Data source: National Immunization Survey, 2014 For details: www.americashealthrankings.org/ALL/Immunize_teens


Measure: Immunizations - Adolescents, 2015 Annual Report
Source:
  • America's Health Rankings composite measure, 2015


Immunizations, HPV Female—Adolescents

This vaccine targets the HPV types that most commonly cause cervical cancer and can cause anal, oropharyngeal, vulvar, and penile cancers.



Data source: National Immunization Survey, 2014 For details: www.americashealthrankings.org/ ALL/Immunize_teens



Measure: Immunization HPV Females, 2015 Annual Report
Source:
  • CDC, National Immunization Survey-Teen, 2014

Immunizations, HPV Male—Adolescents

This vaccine targets the HPV types that most commonly cause cervical cancer and can cause anal, oropharyngeal, vulvar, and penile cancers.

Data source: National Immunization Survey, 2014 For details: www.americashealthrankings.org/ALL/Immunize_teens



Measure: Immunization HPV Males, 2015 Annual Report
Source:
  • CDC, National Immunization Survey-Teen, 2014


Immunizations, MCV4—Adolescents

The meningococcal vaccine protects against the most common forms of meningococcal disease and its complications.

Data source: National Immunization Survey, 2014 For details: www.americashealthrankings.org/ALL/Immunize_teens


Measure: Meningococcal Immunizations, 2015 Annual Report
Measure: Meningococcal Immunizations, 2015 Annual Report

Why does this matter?

Meningococcal disease is a potentially life-threatening illness caused by the bacterium Neisseria meningitidis. It is a leading cause of bacterial meningitis in the United States. At any given time, about 10 percent of the U.S. population are carriers of N. meningitidis, meaning the bacteria are living in the nose and throat without causing disease. The bacteria can spread when people have close or lengthy contact with another person’s respiratory secretions, such as through kissing, coughing or living in the same household.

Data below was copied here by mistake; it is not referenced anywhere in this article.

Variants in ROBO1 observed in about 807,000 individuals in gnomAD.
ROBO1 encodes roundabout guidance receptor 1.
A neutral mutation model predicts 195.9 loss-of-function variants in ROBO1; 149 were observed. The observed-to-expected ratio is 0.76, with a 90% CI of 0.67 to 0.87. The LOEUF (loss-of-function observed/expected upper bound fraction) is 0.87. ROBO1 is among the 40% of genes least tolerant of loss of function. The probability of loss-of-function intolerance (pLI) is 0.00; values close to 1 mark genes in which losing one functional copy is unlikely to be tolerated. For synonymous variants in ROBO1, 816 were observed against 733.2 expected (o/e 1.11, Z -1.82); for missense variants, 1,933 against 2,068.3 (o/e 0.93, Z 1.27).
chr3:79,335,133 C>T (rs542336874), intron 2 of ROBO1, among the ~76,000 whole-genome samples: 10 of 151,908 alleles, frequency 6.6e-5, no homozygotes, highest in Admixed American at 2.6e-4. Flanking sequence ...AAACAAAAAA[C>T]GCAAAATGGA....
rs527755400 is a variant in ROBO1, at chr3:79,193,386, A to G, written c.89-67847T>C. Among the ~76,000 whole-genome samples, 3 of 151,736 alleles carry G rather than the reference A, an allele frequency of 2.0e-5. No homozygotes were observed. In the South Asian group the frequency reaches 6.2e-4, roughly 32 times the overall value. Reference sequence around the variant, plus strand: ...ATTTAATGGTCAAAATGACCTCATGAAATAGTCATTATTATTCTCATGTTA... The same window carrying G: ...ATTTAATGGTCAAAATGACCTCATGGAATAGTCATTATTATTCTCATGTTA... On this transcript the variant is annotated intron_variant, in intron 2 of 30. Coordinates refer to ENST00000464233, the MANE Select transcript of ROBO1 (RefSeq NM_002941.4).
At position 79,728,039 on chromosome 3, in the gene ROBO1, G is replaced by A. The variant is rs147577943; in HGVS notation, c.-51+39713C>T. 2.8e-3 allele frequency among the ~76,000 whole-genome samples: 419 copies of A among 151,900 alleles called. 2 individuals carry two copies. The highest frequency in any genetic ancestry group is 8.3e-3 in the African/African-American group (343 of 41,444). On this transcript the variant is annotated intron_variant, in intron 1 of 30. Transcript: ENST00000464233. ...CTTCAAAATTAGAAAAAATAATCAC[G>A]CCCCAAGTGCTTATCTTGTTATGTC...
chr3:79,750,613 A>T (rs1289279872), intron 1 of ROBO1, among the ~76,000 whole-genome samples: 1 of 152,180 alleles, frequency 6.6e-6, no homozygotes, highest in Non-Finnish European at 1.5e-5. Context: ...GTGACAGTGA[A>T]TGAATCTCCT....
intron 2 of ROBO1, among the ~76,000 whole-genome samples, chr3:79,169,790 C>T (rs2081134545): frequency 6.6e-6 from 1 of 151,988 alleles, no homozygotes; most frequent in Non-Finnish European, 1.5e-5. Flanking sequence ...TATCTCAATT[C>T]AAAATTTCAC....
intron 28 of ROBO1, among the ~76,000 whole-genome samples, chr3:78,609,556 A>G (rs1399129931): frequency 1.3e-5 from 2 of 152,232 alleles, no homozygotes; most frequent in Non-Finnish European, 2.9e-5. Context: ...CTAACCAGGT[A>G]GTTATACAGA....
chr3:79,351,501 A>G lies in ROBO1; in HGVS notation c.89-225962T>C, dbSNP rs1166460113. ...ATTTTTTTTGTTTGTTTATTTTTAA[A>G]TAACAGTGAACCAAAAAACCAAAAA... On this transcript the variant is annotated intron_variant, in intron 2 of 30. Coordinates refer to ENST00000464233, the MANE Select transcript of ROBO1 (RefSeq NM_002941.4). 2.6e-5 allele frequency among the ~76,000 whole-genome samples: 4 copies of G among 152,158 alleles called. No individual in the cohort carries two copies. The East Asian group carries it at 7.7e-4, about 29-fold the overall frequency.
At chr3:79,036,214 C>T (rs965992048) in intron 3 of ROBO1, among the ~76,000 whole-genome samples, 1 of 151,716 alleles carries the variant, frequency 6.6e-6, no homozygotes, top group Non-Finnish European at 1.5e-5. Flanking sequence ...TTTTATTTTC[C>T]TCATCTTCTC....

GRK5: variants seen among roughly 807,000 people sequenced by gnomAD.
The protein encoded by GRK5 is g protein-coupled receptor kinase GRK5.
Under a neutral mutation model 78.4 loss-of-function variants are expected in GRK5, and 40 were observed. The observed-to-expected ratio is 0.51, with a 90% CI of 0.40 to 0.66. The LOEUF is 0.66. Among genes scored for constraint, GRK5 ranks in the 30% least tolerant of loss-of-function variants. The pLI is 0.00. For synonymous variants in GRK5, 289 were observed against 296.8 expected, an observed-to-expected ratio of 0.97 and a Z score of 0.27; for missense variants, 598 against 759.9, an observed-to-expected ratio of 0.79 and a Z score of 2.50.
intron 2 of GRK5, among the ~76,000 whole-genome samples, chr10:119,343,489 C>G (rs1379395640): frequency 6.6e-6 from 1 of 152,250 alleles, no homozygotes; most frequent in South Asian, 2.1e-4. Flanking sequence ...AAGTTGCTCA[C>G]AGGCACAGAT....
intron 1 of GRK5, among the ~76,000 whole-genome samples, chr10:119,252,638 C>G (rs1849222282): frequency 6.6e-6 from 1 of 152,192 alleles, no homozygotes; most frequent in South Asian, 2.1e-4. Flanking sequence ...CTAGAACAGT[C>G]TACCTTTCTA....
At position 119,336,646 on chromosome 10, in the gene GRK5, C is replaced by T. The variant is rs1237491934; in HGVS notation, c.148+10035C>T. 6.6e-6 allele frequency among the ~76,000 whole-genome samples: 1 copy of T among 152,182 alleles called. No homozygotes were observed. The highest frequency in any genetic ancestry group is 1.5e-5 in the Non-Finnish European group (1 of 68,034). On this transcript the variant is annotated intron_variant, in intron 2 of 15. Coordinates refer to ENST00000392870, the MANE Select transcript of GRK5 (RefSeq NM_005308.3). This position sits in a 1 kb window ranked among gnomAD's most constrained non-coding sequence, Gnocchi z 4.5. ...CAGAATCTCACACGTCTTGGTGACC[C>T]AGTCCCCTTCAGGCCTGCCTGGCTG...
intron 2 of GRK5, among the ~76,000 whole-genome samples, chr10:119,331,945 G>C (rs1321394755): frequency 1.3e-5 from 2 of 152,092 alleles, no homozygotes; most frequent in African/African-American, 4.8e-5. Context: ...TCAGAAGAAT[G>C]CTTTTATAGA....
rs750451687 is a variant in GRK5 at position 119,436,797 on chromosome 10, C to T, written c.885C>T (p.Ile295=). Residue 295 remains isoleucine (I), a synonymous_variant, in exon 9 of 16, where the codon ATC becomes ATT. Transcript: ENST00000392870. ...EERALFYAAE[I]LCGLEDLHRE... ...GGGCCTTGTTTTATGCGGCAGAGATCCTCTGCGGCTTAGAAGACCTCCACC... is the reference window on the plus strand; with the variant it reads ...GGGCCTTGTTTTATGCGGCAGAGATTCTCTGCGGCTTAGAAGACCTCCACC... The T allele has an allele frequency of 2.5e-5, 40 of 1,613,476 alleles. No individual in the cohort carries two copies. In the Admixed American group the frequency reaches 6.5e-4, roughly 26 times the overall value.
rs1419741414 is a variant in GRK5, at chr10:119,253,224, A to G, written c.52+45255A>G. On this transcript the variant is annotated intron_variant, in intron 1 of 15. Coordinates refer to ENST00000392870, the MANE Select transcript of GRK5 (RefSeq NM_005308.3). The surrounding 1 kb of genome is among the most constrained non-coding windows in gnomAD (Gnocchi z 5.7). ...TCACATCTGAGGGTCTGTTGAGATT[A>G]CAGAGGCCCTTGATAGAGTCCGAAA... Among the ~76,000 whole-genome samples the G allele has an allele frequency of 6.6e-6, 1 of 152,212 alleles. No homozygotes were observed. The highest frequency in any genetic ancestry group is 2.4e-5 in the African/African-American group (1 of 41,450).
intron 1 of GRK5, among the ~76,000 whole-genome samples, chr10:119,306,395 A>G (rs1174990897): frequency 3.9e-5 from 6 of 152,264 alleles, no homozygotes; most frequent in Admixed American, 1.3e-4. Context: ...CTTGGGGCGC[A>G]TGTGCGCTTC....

Five serogroups (A, B, C, W and Y) cause most meningococcal disease cases in the United States. Preventing the disease remains a priority because of the potentially serious outcomes and risk of outbreaks. There were around 350 cases reported in 2017, with the highest incidence occurring among infants.

The Centers for Disease Control and Prevention recommends that all preteens ages 11 and 12 get the meningococcal conjugate vaccine (covers the A, C, W and Y serogroups), with a booster at age 16. Teens may also get the optional serogroup B meningococcal disease for further protection. An analysis of the effectiveness of adolescent meningococcal vaccination found that getting one dose of the vaccine at age 11 and a booster at age 16 was cost-effective and prevented the most numbers of disease cases and deaths.